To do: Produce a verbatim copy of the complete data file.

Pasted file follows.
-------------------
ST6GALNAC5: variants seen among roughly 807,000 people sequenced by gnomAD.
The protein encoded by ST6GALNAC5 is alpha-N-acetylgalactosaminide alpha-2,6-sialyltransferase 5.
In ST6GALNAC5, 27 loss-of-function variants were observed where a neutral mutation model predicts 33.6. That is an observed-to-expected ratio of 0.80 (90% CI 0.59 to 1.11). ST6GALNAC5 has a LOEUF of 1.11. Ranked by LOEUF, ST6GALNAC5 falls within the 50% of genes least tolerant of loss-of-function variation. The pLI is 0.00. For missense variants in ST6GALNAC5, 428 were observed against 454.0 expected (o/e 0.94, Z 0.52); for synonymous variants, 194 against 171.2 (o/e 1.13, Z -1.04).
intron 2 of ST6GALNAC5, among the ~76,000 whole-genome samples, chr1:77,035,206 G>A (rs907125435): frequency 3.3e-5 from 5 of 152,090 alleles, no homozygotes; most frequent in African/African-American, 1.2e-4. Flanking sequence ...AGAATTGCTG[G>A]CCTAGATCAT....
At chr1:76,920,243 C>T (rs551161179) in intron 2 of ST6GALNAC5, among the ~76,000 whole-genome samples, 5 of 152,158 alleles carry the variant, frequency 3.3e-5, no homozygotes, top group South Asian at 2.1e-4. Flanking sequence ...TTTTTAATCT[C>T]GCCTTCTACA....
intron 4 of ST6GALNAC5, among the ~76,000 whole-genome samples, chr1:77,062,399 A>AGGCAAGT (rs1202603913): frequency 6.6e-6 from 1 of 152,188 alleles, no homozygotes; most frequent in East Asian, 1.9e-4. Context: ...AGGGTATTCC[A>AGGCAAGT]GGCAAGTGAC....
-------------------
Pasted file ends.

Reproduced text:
ST6GALNAC5: variants seen among roughly 807,000 people sequenced by gnomAD.
The protein encoded by ST6GALNAC5 is alpha-N-acetylgalactosaminide alpha-2,6-sialyltransferase 5.
In ST6GALNAC5, 27 loss-of-function variants were observed where a neutral mutation model predicts 33.6. That is an observed-to-expected ratio of 0.80 (90% CI 0.59 to 1.11). ST6GALNAC5 has a LOEUF of 1.11. Ranked by LOEUF, ST6GALNAC5 falls within the 50% of genes least tolerant of loss-of-function variation. The pLI is 0.00. For missense variants in ST6GALNAC5, 428 were observed against 454.0 expected (o/e 0.94, Z 0.52); for synonymous variants, 194 against 171.2 (o/e 1.13, Z -1.04).
intron 2 of ST6GALNAC5, among the ~76,000 whole-genome samples, chr1:77,035,206 G>A (rs907125435): frequency 3.3e-5 from 5 of 152,090 alleles, no homozygotes; most frequent in African/African-American, 1.2e-4. Flanking sequence ...AGAATTGCTG[G>A]CCTAGATCAT....
At chr1:76,920,243 C>T (rs551161179) in intron 2 of ST6GALNAC5, among the ~76,000 whole-genome samples, 5 of 152,158 alleles carry the variant, frequency 3.3e-5, no homozygotes, top group South Asian at 2.1e-4. Flanking sequence ...TTTTTAATCT[C>T]GCCTTCTACA....
intron 4 of ST6GALNAC5, among the ~76,000 whole-genome samples, chr1:77,062,399 A>AGGCAAGT (rs1202603913): frequency 6.6e-6 from 1 of 152,188 alleles, no homozygotes; most frequent in East Asian, 1.9e-4. Context: ...AGGGTATTCC[A>AGGCAAGT]GGCAAGTGAC....